working," the editorial said. Lowry followed up
days later in his own column, suggesting that the
United States is "losing, or at least not obviously
winning, a major war" and asking whether Iraq
is "Bush's Vietnam."

Reality sure is a bitch, ain't it? Better hurry, guys.
Those lifeboats are filling up pretty fast.

17 August 2006


The law strikes back...

WASHINGTON, Aug. 17 — A federal judge in
Detroit ruled today that the Bush administration’s
eavesdropping program is illegal and
unconstitutional, and she ordered that it cease at

District Judge Anna Diggs Taylor found that
President Bush exceeded his proper authority
and that the eavesdropping without warrants
violated the First and Fourth Amendment
protections of free speech and privacy.


“It’s another nail in the coffin of executive
unilateralism,” said Jameel Jaffer, a lawyer for
the plaintiffs with the A.C.L.U. And Anthony
Romero, executive director of the A.C.L.U., said
Judge Taylor’s ruling “confirms that the
government has been acting illegally, in
contravention of the Foreign Intelligence
Surveillance Act and the Fourth Amendment.’’

The surveillance act was passed by Congress in
1978 in response to disclosures of previous
government improprieties in eavesdropping. The
act established a secret court to handle
applications for surveillance operations, and set
up procedures for them to take place while
applications for warrants are pending in some
limited circumstances and for limited times.

Judge Taylor said “the president has acted,
undisputedly, as F.I.S.A. forbids,” thus defying
the express will of Congress, and she was
unpersuaded by the government’s stance that it
could not defend itself in the lawsuit without
doing the country harm.

“Consequently, the court finds defendants’
arguments that they cannot defend this case
without the use of classified information to be
disingenuous and without merit,” she wrote.

15 August 2006

This Doesn't Work

Even George Will understands that the Bush
Administration’s approach to fighting terrorism (invading
countries that pose no serious threat to our security,
destroying their entire infrastructure, torturing and killing
their civilians, and pissing off the entire world community)
doesn’t work.

As the latest foiled terrorist plot in London shows, the key
to beating terrorists is better, smarter law enforcement.

Cooperation between Pakistani and British law
enforcement (the British draw upon useful
experience combating IRA terrorism) has
validated John Kerry's belief (as paraphrased
by the New York Times Magazine of Oct. 10,
2004) that "many of the interdiction tactics that
cripple drug lords, including governments
working jointly to share intelligence, patrol
borders and force banks to identify suspicious
customers, can also be some of the most useful
tools in the war on terror." In a candidates'
debate in South Carolina (Jan. 29, 2004), Kerry
said that although the war on terror will be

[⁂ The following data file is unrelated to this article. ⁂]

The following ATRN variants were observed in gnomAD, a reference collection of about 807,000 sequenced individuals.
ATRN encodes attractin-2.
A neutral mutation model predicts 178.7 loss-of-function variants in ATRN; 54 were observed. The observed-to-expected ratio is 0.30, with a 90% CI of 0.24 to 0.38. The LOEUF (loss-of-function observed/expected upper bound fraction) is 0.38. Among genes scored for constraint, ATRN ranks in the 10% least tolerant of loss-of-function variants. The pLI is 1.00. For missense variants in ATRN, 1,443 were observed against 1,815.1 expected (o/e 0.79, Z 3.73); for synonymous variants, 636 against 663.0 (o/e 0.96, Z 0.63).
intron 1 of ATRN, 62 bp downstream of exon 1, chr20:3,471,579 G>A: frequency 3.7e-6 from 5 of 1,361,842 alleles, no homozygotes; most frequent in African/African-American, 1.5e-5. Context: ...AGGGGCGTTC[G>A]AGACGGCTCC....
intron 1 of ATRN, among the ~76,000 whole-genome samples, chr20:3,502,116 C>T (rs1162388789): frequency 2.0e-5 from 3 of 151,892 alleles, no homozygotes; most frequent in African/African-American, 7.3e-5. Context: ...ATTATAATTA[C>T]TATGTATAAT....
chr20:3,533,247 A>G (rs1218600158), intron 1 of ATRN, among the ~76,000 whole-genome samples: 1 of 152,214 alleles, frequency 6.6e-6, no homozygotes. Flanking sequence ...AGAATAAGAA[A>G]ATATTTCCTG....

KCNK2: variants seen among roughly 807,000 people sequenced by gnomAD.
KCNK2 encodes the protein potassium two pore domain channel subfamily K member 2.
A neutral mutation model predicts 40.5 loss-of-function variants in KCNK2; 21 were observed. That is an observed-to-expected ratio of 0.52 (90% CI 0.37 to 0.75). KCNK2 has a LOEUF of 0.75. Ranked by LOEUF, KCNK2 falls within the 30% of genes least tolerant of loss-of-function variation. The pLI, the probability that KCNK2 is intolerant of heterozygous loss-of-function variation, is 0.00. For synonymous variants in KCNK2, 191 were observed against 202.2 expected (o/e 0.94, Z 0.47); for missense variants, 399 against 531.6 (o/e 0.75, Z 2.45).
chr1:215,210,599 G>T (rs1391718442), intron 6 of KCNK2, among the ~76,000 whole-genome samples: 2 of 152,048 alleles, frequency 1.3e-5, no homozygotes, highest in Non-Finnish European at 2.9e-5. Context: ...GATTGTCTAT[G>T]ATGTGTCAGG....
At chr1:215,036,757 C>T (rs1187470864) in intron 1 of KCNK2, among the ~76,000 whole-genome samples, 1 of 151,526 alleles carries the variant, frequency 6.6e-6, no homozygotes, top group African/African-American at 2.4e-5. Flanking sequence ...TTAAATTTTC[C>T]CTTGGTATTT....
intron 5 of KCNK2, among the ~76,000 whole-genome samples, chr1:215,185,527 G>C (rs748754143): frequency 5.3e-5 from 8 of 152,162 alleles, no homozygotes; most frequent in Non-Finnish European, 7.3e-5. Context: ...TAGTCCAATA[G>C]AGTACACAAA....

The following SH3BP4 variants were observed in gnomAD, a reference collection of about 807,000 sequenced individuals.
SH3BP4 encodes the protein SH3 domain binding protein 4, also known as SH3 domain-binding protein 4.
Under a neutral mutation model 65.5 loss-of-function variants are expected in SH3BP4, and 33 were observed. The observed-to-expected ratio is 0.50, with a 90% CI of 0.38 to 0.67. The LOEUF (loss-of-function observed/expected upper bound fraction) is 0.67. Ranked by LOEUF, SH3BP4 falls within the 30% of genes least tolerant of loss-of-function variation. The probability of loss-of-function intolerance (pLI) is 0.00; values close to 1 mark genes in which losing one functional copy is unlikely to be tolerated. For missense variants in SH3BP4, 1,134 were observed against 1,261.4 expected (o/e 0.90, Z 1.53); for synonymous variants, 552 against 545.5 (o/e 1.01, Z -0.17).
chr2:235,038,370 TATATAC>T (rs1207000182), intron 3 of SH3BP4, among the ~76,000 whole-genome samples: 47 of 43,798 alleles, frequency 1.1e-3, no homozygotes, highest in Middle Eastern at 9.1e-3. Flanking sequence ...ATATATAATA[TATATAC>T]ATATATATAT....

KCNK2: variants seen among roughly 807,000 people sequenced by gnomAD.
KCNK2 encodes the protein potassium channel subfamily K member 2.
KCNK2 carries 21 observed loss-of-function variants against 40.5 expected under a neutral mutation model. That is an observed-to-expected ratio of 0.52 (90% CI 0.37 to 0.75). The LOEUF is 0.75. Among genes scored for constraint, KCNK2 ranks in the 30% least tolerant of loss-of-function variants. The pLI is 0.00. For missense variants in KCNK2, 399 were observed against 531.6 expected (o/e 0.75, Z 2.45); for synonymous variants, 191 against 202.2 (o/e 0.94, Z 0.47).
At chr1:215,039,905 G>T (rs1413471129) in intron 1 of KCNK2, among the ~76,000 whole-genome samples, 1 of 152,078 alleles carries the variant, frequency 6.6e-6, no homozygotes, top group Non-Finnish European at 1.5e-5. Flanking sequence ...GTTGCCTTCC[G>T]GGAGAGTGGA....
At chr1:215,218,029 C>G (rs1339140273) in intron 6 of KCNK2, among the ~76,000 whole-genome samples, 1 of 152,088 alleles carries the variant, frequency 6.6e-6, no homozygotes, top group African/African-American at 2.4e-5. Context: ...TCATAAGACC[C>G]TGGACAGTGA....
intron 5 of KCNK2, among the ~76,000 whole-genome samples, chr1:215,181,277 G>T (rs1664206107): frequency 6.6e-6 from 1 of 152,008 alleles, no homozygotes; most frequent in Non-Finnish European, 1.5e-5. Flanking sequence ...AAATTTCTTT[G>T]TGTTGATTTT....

"occasionally military," it is "primarily an
intelligence and law enforcement operation that
requires cooperation around the world."

Immediately after the London plot was
disrupted, a "senior administration official,"
insisting on anonymity for his or her splenetic
words, denied the obvious, that Kerry had a
point. The official told The Weekly Standard:

"The idea that the jihadists would all be
peaceful, warm, lovable, God-fearing people if it
weren't for U.S. policies strikes me as not a
valid idea. [Democrats] do not have the
understanding or the commitment to take on
these forces. It's like John Kerry. The law
enforcement approach doesn't work."

This farrago of caricature and non sequitur
makes the administration seem eager to repel
all but the delusional. But perhaps such rhetoric
reflects the intellectual contortions required to
sustain the illusion that the war in Iraq is central
to the war on terrorism, and that the war, unlike
"the law enforcement approach," does "work."

The official is correct that it is wrong "to think
that somehow we are responsible -- that the
actions of the jihadists are justified by U.S.
policies." But few outside the fog of paranoia
that is the blogosphere think like that. It is more
dismaying that someone at the center of
government considers it clever to talk like that.
It is the language of foreign policy -- and
domestic politics -- unrealism.

Also, Glenn Greenwald sets the record straight with this
must-read post about the surveillance techniques used to
bring down this latest batch of alleged terrorists.
Contrary to to the shrill cries of the Bush Administration
and its supporters, authorities were able to stop the bad
guys without having to resort to illegal, warrantless

And yet, here was a major plot foiled because
the terrorist plotters were using telephones to
communicate about their plans -- and using
banking systems to wire money -- all of which
law enforcement could track within the law.
This whole episode potently illustrates just how
inane are the claims that the Times' NSA story